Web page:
There’s also the struggle I find myself facing between comfort and content. Contrary to general perception (and as is the case with happiness and joy) comfort and content are not the same things. One can be quite comfortable and not at all content and by the same token one can be quite uncomfortable and totally content. Ideally one would like to be both comfortable and content, but that requires great temperance (balance) and is difficult to attain and even more difficult to retain. It’s easier just to be comfortable and to fool oneself into believing you are content. That’s what most people do. We go through our lives not pressing out the best in each moment because of some unknown, tricking ourselves into believing that because we’re comfortable where we are at, we’re content. In actuality our souls are crying out to live inside, but we refuse to listen because it would make us face things we don’t want to face and so we muffle our souls’ cries with the downy softness of modern comfortability. But I don’t want to just be comfortable. I want to be content and if I had to choose between the two my heart of hearts tells me I’d rather be content than comfortable.

I do know what it is to be content. I’ve been content before. The problem right now is that I don’t know if I’m currently content and am struggling with a bit of discomfort or if I’m just comfortable and am trying to hide my discontent. I can go anywhere in the world if I want to and begin a completely different occupation and career than I am in now. I’m once again at a crossroads and people wouldn’t think it too strange if I set off west right now. This could be my chance to completely get away. There is so much I want to do in life. I want to travel more. I want to make a movie. I want to see some of the things I have written published. I want to write for The New Yorker. I want to meet, befriend, dine, and discourse with the elites (whether they are movie stars, publishing giants, athletic elite, etc.). I want to run The Amazing Race with my cousin. I want to get on Jeopardy!, beat Ken Jennings winning record, and gain for myself a footnote in the annuals of pop culture. Yet, I also want to settle down. I’ve lived a fairly nomadic life for the past several years. I’ve lived in four different states and have worked at a variety of different jobs. I’ve seen a bit more of the world than many people in my hometown even know exist. I need a home base of operations. I want to have a home of my own. I want to fall madly in love, get married, and spend time building a different life with my wife (whoever that woman might be).

So, what will happen? Will I get an English teaching job in the southern Illinois area for the 2006-2007 school year? Will I return to Camp Timber-lee for another summer? Will I end up packing all my worldly belongings in a wagon and towing it behind my dying car out to Oregon? Will I act in the play that I’ve been wanting to act in for the past several years? Will I finally get that call that gets me the interview for Survivor, The Amazing Race, or Jeopardy!? I do not know. Right now, dear readers, I’m just struggling between comfort and content amidst confusion. It’s not easy, but it sure makes things interesting.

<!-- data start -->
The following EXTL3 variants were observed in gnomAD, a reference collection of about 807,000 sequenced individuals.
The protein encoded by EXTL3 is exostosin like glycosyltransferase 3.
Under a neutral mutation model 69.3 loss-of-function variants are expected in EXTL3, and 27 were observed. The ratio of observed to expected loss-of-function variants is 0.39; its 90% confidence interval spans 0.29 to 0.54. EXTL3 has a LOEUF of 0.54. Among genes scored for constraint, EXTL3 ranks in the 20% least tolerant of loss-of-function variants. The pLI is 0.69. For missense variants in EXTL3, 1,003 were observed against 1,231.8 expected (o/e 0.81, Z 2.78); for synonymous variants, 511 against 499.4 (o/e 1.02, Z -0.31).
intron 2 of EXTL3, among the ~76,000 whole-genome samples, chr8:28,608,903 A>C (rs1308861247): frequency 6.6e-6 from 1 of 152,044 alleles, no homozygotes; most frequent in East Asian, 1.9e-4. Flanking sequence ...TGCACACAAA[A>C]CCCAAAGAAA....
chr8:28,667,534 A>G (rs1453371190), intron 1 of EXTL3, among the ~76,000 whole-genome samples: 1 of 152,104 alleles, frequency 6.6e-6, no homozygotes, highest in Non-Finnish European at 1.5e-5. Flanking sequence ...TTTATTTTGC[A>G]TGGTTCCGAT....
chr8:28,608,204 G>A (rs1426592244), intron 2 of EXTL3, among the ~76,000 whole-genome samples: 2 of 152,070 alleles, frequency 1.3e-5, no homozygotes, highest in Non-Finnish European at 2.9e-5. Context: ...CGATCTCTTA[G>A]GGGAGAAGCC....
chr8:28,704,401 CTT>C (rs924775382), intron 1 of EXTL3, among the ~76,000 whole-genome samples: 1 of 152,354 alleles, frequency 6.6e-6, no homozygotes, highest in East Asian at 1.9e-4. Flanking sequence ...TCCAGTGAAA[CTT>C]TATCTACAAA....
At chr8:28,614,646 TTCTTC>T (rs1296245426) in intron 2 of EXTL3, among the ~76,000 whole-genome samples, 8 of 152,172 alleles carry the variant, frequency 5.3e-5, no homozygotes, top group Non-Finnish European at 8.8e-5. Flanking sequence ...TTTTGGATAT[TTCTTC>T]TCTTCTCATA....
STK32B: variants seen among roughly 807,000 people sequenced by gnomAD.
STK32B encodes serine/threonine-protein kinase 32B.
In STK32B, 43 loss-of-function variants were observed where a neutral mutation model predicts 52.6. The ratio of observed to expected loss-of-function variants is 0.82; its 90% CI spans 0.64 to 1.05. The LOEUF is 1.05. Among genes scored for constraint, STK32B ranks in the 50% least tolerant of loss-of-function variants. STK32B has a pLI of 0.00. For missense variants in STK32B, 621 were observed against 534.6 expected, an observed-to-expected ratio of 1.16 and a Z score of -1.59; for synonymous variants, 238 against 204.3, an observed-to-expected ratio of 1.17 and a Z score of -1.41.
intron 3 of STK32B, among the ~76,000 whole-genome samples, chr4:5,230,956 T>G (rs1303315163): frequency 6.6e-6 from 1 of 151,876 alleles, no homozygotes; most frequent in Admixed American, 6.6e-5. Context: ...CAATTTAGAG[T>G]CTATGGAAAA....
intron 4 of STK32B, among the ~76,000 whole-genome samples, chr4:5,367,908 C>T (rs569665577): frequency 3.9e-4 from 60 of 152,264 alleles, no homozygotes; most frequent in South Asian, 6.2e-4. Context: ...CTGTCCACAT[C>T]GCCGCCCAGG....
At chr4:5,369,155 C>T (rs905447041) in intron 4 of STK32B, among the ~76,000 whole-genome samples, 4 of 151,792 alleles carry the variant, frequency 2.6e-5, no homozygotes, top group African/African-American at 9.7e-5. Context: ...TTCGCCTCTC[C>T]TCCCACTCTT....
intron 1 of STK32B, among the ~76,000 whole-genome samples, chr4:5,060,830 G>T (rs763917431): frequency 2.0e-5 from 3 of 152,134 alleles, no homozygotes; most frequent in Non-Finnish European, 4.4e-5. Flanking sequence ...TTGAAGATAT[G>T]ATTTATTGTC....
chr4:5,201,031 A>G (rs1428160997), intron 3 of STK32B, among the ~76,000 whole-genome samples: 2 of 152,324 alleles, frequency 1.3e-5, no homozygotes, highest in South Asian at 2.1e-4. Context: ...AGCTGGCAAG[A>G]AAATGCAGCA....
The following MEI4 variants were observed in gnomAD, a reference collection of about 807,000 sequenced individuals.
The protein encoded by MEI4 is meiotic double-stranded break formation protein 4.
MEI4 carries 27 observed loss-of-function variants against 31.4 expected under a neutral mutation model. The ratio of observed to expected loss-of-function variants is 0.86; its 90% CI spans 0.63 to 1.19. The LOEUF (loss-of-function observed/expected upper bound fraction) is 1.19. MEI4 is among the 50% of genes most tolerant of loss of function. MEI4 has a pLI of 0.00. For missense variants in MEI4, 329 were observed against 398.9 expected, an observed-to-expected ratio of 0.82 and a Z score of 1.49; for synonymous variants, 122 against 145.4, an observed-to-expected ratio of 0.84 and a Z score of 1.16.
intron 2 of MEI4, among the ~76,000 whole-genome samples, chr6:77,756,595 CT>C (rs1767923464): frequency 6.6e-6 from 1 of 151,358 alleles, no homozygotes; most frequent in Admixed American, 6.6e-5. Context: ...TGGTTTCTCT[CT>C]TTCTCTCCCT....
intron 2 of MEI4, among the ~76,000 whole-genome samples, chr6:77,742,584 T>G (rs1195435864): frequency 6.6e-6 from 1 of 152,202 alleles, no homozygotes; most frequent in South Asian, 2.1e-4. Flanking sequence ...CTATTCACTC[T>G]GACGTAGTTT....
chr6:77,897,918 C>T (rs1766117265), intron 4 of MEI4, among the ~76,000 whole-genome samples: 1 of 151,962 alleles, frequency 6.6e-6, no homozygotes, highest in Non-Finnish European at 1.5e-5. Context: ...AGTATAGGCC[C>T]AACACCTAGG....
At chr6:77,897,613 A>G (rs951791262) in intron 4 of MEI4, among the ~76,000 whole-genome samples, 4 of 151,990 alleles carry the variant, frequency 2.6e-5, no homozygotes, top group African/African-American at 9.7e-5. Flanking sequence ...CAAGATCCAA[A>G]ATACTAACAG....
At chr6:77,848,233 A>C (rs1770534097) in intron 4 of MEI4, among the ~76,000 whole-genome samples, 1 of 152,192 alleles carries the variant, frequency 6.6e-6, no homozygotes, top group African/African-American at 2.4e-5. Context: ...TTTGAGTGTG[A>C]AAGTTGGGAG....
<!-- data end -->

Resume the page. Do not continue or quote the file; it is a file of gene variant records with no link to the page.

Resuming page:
Saturday, March 18, 2006

Today's Trivia

Sauerkraut, the common German vegetable dish of cooked cabage, actuallly was first invented in China.

Camels' milk does not curdle naturally.

I LOVE LUCY was the first television show to broadcast reruns It happened in 1953 while Lucille Ball was on maternity leave.

A sphygmomanometer measures blood pressure.

The famous Apache warrior and chief, Geronimo, rode in President Teddy Roosevelt's inaugural parade in 1905.

Potatoes were the first food grown in space.

Tuesday, March 14, 2006

Open Your Eyes

"My theme is memory, that winged host that soared about me one grey morning of war-time.
These memories,which are my life--for we possess nothing certainly except the past--were always with me...
...These memories are the memorials and pledges of the vital hours of a lifetime. These hours of afflatus in the human spirit, the springs of art, are, in their mystery, akin to the epochs of history, when a race which for centuries has lived content, unknown, behind its own frontiers, digging, eating, sleeping, begetting, doing what was requisite for survival and nothing else, will for a generation or two, stupefy the world;...
...The human soul enjoys these rare, classic periods, but, apart from them, we are seldom single or unique; we keep company in this world with a hoard of abastractions and reflections and counterfeits of ourselves--the sensual man, the economic man, the man of reason, the beast, the machine and the sleep-walker, and heaven knows what besides, all in our own image, indistinguishable from ourselves to the outward eye. We get borne along, out of sight in the press, unresisting, till we get the chance to drop behind unnoticed, or to dodge down a side street, pause, breathe freely and take our bearings, or to push ahead, outdistance our shadows, lead them a dance, so that when at length they catch up with us, they look at one another askance, knowing we have a secret we shall never share."
---Charles Ryder, BRIDESHEAD REVISITED, p. 225-226, Evelyn Waugh.